Why the Google Chromebook will fail?

So Google finally announced the Chromebooks and first units will be shipping in the US and Europe by June 15. Both Samsung and Acer are set to ship out their own variants of the Chromebook.

Here are the two models with their listed specs. They’ve omitted how much HDD storage and RAM will be included in the units.

Samsung Chromebook
Intel Atom Dual-Core Processor
12.1″ (1280×800) 300 nit Display
3.26 lbs / 1.48 kg
8.5 hours of battery life
Built in dual-band WiFi and World-mode 3G (optional)
HD Webcam with noise cancelling microphone
2 USB 2.0 ports
4-in-1 memory card slot
Mini-VGA port
Fullsize Chrome keyboard
Oversize fully-clickable trackpad
Price: $429

Acer Chromebook
Intel Atom Dual-Core Processor
11.6″ HD Widescreen CineCrystal LED-backlit LCD
3.19 lbs | 1.45 kg
6 hours battery life
Built in dual-band WiFi and World-mode 3G (optional)
HD Webcam with noise cancelling microphone
High-Definition Audio Support
2 USB 2.0 ports
4-in-1 memory card slot
HDMI port
Fullsize Chrome keyboard
Oversize fully-clickable trackpad
Price: $349

The biggest draw of the Google Chromebook is its full integration with the Cloud — all the time, anytime.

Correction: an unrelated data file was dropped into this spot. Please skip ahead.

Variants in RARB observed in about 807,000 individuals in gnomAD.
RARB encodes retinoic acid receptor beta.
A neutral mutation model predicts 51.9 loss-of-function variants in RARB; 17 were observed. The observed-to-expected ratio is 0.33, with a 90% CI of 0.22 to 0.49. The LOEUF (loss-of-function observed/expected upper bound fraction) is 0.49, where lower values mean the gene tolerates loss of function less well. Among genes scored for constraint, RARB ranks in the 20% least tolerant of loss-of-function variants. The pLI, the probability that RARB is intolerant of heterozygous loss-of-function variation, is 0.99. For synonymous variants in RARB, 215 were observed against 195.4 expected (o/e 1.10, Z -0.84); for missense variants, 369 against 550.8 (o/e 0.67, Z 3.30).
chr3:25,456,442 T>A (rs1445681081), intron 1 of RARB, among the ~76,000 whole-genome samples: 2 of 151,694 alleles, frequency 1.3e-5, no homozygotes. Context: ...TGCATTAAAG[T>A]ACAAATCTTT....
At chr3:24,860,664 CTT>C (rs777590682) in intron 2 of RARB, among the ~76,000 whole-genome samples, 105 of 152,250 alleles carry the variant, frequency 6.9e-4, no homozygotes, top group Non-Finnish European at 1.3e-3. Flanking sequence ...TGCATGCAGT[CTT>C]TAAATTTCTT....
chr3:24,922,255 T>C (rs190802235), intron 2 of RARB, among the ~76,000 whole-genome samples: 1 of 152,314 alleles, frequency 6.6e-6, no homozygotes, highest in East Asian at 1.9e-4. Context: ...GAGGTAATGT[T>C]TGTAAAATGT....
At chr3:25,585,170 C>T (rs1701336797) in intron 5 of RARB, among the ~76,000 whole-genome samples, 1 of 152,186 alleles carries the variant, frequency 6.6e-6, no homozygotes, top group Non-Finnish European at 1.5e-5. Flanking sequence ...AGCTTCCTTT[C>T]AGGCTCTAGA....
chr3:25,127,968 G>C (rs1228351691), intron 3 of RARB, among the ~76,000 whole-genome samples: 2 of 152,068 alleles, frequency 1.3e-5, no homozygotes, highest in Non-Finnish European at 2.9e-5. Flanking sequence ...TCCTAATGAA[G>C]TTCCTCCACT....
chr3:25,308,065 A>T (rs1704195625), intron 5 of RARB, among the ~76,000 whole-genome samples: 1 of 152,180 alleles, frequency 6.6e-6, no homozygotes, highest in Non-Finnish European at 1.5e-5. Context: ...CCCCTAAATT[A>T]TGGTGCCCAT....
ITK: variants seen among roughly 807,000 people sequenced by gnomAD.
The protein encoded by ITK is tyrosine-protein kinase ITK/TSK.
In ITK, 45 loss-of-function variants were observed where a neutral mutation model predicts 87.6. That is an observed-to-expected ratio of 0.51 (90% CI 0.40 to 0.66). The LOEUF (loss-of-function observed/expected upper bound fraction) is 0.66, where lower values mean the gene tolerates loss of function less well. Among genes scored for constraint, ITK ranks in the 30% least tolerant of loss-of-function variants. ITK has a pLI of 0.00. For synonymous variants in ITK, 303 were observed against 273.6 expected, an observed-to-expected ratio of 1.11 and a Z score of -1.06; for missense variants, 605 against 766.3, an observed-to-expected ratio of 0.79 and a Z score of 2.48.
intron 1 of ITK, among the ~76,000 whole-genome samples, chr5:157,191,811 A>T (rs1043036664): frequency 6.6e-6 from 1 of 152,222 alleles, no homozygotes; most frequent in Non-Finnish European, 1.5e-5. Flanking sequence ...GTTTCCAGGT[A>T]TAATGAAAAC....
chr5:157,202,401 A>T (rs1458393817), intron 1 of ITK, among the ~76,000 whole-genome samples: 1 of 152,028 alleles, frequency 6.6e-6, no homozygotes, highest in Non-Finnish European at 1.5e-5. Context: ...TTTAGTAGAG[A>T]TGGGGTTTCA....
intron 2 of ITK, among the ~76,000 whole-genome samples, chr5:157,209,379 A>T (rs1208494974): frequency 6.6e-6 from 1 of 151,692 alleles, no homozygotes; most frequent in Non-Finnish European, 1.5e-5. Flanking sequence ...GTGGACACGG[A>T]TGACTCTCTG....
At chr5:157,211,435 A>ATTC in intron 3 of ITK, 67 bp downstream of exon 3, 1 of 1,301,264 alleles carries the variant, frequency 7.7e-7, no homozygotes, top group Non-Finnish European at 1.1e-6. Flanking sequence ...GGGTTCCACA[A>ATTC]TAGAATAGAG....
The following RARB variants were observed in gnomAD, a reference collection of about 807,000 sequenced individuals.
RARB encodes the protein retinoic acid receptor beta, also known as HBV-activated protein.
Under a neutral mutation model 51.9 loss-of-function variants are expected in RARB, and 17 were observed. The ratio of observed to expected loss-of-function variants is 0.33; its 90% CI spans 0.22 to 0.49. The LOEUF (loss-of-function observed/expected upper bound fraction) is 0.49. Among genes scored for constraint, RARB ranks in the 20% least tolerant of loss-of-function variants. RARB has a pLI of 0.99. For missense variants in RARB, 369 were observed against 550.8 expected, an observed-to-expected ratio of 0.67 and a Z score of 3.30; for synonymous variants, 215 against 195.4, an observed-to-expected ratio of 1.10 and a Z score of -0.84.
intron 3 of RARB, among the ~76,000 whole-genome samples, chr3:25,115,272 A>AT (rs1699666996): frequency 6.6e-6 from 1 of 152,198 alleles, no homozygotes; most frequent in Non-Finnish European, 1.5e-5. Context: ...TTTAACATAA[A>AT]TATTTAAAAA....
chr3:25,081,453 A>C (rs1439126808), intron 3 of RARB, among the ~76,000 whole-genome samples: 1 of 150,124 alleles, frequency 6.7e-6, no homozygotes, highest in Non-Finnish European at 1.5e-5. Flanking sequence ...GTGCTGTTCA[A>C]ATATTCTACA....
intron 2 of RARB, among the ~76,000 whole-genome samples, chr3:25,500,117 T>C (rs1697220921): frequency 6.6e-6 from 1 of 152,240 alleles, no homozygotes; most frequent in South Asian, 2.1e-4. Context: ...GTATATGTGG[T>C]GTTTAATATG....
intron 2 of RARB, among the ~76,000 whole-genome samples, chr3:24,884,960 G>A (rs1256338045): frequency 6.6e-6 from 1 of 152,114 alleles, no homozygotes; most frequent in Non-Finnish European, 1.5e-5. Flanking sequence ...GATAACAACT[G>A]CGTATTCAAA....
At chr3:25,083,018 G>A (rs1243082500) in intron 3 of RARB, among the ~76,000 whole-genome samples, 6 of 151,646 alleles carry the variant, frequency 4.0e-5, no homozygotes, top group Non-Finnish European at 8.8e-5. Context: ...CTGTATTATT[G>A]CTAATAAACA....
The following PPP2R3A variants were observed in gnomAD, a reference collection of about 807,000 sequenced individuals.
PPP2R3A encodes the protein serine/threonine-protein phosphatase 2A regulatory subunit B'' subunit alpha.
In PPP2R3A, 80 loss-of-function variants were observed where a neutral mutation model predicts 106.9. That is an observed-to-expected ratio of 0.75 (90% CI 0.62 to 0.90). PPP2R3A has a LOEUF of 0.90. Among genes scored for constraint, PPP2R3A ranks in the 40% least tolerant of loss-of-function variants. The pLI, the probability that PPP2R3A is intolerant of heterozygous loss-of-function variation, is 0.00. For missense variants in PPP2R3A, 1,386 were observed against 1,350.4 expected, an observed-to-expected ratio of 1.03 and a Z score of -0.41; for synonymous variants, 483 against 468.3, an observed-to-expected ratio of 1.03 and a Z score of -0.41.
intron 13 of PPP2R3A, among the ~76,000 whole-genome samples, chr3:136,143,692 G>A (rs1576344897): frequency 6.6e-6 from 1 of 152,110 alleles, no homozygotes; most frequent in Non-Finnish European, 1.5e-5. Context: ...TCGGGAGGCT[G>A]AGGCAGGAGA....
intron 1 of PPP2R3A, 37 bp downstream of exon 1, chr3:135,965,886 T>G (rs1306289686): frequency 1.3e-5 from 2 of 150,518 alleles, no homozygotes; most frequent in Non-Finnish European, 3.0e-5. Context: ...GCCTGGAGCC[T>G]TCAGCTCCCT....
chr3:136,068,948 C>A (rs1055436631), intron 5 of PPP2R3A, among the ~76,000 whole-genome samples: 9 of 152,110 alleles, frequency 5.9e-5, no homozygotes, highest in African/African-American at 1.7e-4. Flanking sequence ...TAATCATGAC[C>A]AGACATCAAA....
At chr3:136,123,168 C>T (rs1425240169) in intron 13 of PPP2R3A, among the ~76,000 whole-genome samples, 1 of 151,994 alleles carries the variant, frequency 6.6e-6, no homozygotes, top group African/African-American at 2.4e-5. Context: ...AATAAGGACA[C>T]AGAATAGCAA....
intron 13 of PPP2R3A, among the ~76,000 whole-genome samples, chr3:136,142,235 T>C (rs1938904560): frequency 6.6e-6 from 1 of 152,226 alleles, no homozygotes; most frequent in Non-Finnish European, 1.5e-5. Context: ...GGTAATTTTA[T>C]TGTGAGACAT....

And that’s where it might just fail.

  • The Cloud does not have 100% uptime guarantee. Amazon’s service recently went down, Google’s Blogger also had an outage the other day and we all know GMail also suffered a number of outages before. People don’t trust the cloud as much as they trust physical hardware.
  • Internet connection is unreliable so your ISP will also play a big role in the over-all user-experience with the Chromebook. And we all know how “unreliable” all our local internet service providers are.
  • The Cloud is expensive. The Chromebook assumes you have unlimited data. In the Philippines, that’s an additional Php1,200 per month. If the life span of your Chromebook is 2 years, that’s Php28,800 on top of the cost of the unit making the total cost of ownership (TCO) much more expensive.

But that scenario is just from a Philippine perspective. It might be totally different elsewhere. So the question is — will you buy a Chromebook instead of a regular netbook?

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Avatar for Abe Olandres

Abe is the founder and Editor-in-Chief of YugaTech with over 20 years of experience in the technology industry. He is one of the pioneers of blogging in the country and considered by many as the Father of Tech Blogging in the Philippines. He is also a technology consultant, a tech columnist with several national publications, resource speaker and mentor/advisor to several start-up companies.

35 Responses

  1. Avatar for Taylor Miles Taylor Miles says:

    Your logic here is not complete for several reasons:

    1. If internet speed continues to be an issue in the Philippines the entire tech industry in ph will FAIL. Is that what you want? Cloud computing is the future.
    2. You can still use most applications offline including Gmail. and many more to come.


  2. Avatar for Vic Vic says: